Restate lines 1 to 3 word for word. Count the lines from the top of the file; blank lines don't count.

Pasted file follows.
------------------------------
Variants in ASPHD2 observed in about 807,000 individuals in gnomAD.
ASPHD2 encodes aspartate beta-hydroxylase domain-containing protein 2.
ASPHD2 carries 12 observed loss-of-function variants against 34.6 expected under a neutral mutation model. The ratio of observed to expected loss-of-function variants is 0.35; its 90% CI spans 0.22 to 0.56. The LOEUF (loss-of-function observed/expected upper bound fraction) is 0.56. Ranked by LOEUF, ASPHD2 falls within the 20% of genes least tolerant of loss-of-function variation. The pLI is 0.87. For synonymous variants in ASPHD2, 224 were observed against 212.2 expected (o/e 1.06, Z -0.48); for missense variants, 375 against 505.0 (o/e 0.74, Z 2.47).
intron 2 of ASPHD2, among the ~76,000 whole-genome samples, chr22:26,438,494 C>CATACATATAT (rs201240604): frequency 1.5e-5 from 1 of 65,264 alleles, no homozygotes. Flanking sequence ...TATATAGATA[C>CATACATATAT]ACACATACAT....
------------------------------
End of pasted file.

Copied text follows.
Variants in ASPHD2 observed in about 807,000 individuals in gnomAD.
ASPHD2 encodes aspartate beta-hydroxylase domain-containing protein 2.
ASPHD2 carries 12 observed loss-of-function variants against 34.6 expected under a neutral mutation model. The ratio of observed to expected loss-of-function variants is 0.35; its 90% CI spans 0.22 to 0.56. The LOEUF (loss-of-function observed/expected upper bound fraction) is 0.56. Ranked by LOEUF, ASPHD2 falls within the 20% of genes least tolerant of loss-of-function variation. The pLI is 0.87. For synonymous variants in ASPHD2, 224 were observed against 212.2 expected (o/e 1.06, Z -0.48); for missense variants, 375 against 505.0 (o/e 0.74, Z 2.47).